PS: This isn’t what I meant to say, I meant to say the opposite: that there is no justification, from greater authority or otherwise, because belief in ultimate authority of Yahweh is foundational, which you seem to agree with? The reason I make this point is because my worldview works similarly: my presuppositions also cannot be justified, because they are required to do reasoning at all.

        Jedi:
        “This statement you make is also untrue:

        “The Bible is evidence that you find in the world: in order to even know what it says, you need to be able to trust your senses, which by your own argument you cannot do without first presupposing the existence of Yahweh”

        God’s Word is eternal. The Bible is simply a copy of God’s Word. God spoke his words through the prophets as recorded in the OT. God’s Word became incarnate in the person of Jesus as recorded in the NT (in accordance with the prophecies spoke BY God in the OT). And we learn from Romans 1 that creation reveals God’s divine power and hidden attributes. So the copy of the Bible that we are blessed to have today is the justification of the eternal truths.”
        PS: Sure, I didn’t mean to say that God’s word is itself evidence you find in the world. According to your claim it is eternal and unchanging. But, since you are not God, you don’t have inherent knowledge of God’s word, and so you have to access it through the Bible. The Bible was given to us by the prophets. Perhaps the prophets were lying or insane? Or perhaps their words were not recorded correctly? You might say that these things are unlikely, and you might even have a very good argument that demonstrates that these things are very unlikely, but even so, that argument must rely on the foundations of knowledge, which according to your worldview can only be justified when you have already presupposed the authority of Yahweh, and also presupposed certain things about what his authority claims, such as induction. This is why no copy of the Bible that you can access can possibly substantiate that claim, under your worldview.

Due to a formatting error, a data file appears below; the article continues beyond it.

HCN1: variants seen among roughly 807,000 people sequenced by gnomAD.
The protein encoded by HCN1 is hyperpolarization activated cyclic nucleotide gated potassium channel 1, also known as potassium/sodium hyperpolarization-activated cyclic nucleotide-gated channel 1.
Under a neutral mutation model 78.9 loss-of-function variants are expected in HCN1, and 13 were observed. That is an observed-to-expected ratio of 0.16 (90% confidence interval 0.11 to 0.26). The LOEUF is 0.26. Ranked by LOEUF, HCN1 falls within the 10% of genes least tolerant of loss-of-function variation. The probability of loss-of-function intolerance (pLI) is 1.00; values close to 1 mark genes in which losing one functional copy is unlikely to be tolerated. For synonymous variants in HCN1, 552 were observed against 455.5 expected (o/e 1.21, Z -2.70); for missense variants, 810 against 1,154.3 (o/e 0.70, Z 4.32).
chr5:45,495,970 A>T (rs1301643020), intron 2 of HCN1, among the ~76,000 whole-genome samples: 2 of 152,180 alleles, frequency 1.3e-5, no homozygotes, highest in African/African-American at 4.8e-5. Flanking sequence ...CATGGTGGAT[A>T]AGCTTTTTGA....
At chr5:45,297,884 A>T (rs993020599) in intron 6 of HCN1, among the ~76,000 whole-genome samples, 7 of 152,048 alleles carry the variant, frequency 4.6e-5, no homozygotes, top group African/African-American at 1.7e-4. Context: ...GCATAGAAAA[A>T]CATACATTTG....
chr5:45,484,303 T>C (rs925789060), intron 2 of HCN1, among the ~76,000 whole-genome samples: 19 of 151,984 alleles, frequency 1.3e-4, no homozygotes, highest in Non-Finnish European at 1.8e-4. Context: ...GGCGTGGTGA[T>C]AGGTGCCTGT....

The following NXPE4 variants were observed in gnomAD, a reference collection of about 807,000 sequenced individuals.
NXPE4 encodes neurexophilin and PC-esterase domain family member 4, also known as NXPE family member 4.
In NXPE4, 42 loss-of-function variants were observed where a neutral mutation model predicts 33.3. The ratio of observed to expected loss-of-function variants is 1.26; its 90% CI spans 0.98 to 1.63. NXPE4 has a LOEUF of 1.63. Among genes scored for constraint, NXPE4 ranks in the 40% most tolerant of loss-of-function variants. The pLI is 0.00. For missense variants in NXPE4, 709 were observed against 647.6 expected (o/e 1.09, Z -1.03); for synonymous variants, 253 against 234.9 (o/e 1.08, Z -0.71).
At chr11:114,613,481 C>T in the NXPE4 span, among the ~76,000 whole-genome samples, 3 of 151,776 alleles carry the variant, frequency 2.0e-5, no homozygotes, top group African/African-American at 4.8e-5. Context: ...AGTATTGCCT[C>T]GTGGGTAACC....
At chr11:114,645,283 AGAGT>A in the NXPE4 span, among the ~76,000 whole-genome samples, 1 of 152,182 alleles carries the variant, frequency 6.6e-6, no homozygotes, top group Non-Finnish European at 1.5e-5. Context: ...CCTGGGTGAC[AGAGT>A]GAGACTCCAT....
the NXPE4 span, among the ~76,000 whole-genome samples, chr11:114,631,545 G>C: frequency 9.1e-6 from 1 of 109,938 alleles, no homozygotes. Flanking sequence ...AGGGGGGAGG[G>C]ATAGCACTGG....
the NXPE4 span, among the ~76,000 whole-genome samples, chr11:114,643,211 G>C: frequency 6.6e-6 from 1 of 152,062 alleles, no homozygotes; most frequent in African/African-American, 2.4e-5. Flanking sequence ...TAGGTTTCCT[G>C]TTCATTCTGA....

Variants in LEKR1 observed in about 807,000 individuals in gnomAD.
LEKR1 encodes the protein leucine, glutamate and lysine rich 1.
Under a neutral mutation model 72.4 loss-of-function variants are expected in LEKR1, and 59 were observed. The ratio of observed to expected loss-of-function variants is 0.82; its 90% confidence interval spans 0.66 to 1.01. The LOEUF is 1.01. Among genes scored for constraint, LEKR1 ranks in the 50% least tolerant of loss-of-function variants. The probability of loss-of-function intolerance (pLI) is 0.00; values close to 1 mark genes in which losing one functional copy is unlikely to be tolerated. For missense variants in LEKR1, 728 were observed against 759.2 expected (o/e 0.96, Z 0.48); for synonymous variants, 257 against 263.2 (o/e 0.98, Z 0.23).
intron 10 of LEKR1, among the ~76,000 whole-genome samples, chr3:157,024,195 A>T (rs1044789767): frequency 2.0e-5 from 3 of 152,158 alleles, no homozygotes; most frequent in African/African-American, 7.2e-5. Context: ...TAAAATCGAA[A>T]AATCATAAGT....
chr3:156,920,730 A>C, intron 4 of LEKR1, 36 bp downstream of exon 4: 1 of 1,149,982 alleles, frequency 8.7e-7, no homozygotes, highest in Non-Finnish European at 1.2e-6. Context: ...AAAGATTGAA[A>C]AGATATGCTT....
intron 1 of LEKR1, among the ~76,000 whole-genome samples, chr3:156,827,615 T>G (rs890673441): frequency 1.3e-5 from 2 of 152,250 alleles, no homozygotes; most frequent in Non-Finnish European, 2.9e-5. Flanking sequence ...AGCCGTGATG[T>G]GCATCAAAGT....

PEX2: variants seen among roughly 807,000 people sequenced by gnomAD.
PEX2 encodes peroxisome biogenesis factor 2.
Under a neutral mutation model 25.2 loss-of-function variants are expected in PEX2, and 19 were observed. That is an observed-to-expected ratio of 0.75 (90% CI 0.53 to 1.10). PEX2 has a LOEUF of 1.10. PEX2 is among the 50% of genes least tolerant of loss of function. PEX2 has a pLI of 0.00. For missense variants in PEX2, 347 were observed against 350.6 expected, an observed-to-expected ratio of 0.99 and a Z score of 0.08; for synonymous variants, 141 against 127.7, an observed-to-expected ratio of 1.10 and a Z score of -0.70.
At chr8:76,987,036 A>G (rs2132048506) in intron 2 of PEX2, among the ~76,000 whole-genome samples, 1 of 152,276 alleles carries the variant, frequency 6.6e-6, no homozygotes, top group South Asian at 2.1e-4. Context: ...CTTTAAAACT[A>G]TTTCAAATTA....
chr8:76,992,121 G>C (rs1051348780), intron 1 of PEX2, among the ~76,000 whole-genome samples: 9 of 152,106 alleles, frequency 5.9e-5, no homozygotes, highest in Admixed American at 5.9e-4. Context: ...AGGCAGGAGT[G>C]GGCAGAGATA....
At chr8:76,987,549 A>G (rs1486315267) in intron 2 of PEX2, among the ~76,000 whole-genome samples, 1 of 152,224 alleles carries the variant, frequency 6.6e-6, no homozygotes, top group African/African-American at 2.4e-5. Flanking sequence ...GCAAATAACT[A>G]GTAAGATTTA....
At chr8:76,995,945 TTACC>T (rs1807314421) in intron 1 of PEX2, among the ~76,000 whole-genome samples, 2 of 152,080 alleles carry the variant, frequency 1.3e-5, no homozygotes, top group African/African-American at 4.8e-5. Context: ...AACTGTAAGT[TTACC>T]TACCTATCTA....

Jedi: “Yes (my worldview escapes the Munchausen trilemma), it’s in the articles linked above (and was in my presup article too)”
        PS: The article you linked “the Ultimate Standard” does not escape the Munchausen Trilemma(and does not claim to AFAICT), it rather takes the third prong and accepts a circular argument. It provides a pretty good argument for doing so, too, but I’m not sure that argument supports the existence of God. See my detailed response to the article above.

        Jedi: “If you are not a materialist, what supernatural entities do you propose, and how do you know it? How do those supernatural entities justify mathematics?”
        PS: I presuppose the existence of mathematics itself (similarly to how Dr. Lisle presupposes the laws of logic). This is unjustified, but only because it is foundational, in much the same way that your presupposition of Yahweh’s authority is only justified by itself. The difference is that your presupposition implies mine.

        (note that this isn’t presupposing the natural world to be a mathematical structure, it could be something else entirely, it just seems likely to me that nature is part of math because of the type of order we find in it.)

        Jedi: “No, I’m saying that what you have claimed about accurate senses/reasoning doesn’t explain how they emerged.”
        PS: Of course I can’t explain exactly how they emerged, since I don’t know exactly how they work. If I did, I could make an AI. My point wasn’t to explain how they could have emerged, but why we would expect them to be accurate. Since accurate senses and reason improve fitness (a claim you didn’t contest), it is plausible that evolution would produce them somehow, even if we don’t know how. Of course this argument requires accurate reasoning in the first place, but we have to assume that to get anywhere(as Dr. Lisle says, we cannot completely escape circularity, even in his worldview).